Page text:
3 things job seekers need to know about hiring technology (and 3 ways to make it work for you)

The CEO of career site Virgil offers a look inside the closed-door tech-driven recruiting process to help job seekers best position themselves to land a new job.

3 things job seekers need to know about hiring technology (and 3 ways to make it work for you)
[Photo: Mikayla Mallek/Unsplash]

Searching for a job is stressful.


Searching for a job in the age of AI résumé reviewers, online assessments, and automatic “no” piles is excruciating. And we haven’t even scratched the surface of anxiety around the pandemic.

Technology has drastically changed the job search process, even in just the last five years, and job seekers now find themselves questioning how to adapt to a tech-driven recruiting environment. What makes adapting so hard? In large part, it’s because so much of what happens, happens behind closed doors. We know that AI is helping with hiring decisions, but what does that actually mean, and how does it change your job search?

1. Companies are building profiles on you

You probably know about software that can scan your résumé for keywords. But when recruiters are considering you for a job, they aren’t just looking at your résumé. They’re now relying on tools that build full profiles on job seekers just by scraping publicly available information such as social profiles, old blogs, awards, academic histories, old résumés on LinkedIn, etc. These tools allow employers to build a profile about you without ever meeting you, and that profile could be drastically different than the one you’re hoping to convey with your résumé. The kicker? Employers believe that those sources can be even more informative about who you are and what you do than an actual conversation.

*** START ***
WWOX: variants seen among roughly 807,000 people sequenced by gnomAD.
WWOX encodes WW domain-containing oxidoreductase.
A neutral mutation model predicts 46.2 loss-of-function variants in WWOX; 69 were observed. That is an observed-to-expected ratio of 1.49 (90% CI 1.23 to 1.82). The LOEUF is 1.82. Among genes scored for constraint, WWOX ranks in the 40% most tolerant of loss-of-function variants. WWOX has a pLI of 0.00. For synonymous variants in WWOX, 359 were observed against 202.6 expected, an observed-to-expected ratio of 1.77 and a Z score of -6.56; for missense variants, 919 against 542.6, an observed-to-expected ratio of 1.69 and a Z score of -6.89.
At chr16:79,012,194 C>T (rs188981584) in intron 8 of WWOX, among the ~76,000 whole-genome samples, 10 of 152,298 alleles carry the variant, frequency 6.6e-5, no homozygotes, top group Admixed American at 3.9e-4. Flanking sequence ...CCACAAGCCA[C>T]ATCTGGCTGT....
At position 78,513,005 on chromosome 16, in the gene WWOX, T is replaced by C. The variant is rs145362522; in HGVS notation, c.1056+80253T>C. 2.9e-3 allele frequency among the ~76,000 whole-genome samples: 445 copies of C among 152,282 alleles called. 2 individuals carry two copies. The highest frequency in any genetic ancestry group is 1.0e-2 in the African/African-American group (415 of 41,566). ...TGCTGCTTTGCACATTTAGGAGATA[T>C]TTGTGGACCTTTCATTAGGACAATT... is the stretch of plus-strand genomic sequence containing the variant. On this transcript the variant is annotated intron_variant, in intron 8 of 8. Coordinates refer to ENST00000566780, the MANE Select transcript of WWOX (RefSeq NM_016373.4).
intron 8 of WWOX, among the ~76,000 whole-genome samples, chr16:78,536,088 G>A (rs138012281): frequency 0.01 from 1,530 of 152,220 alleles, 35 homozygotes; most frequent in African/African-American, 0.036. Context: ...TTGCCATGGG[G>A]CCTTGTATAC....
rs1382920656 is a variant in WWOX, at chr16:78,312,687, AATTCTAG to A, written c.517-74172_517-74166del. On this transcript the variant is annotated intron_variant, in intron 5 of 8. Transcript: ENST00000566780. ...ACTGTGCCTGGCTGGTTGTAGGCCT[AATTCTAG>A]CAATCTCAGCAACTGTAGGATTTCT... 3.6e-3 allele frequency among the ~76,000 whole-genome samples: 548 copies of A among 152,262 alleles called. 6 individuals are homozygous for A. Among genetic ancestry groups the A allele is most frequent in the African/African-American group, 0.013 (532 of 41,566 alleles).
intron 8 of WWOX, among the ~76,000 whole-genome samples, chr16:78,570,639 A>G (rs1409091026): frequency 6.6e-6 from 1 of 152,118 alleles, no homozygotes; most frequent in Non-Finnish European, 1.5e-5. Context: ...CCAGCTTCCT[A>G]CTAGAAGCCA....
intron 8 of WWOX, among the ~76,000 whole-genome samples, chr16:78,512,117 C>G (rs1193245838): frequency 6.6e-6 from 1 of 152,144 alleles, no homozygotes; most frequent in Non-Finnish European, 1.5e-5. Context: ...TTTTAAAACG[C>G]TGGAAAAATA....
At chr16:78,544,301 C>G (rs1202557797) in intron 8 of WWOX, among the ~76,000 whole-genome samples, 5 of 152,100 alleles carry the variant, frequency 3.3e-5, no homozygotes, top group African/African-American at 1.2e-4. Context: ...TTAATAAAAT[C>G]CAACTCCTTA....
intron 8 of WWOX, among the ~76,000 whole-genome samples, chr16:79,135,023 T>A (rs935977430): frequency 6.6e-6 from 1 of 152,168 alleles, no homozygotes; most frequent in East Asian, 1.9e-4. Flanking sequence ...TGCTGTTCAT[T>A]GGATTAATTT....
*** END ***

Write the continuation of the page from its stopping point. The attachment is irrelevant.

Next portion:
2. Skill assessments are digging deeper

Traditional strength and personality assessments aren’t going anywhere, but they are becoming more sophisticated. To better understand whether or not a candidate is the right fit, employers are using assessments with more intelligent algorithms that can determine how you’ll perform in a specific job environment. Some address cultural fit, and some are built to measure technical skills.

3. Employers want you to show, not tell

Chances are, you’re familiar with the “scenario” type of questions in an interview that asks how you would react in certain situations. Pretty soon, you may have to show, not just describe, how you’ll handle on-the-job-scenarios. Companies that have substantial resources and that are hiring en masse are taking it a step further by using VR to build workplace scenarios. This technology is helping employers get a more concrete picture of how you’ll react to customers, the fast pace, technology requirements, etc.


The missing human connection

What place does human interaction have in recruiting? With AI screenings and other tech-based decision making, the human connection is becoming harder to establish, and companies are making judgments without ever having met the candidates.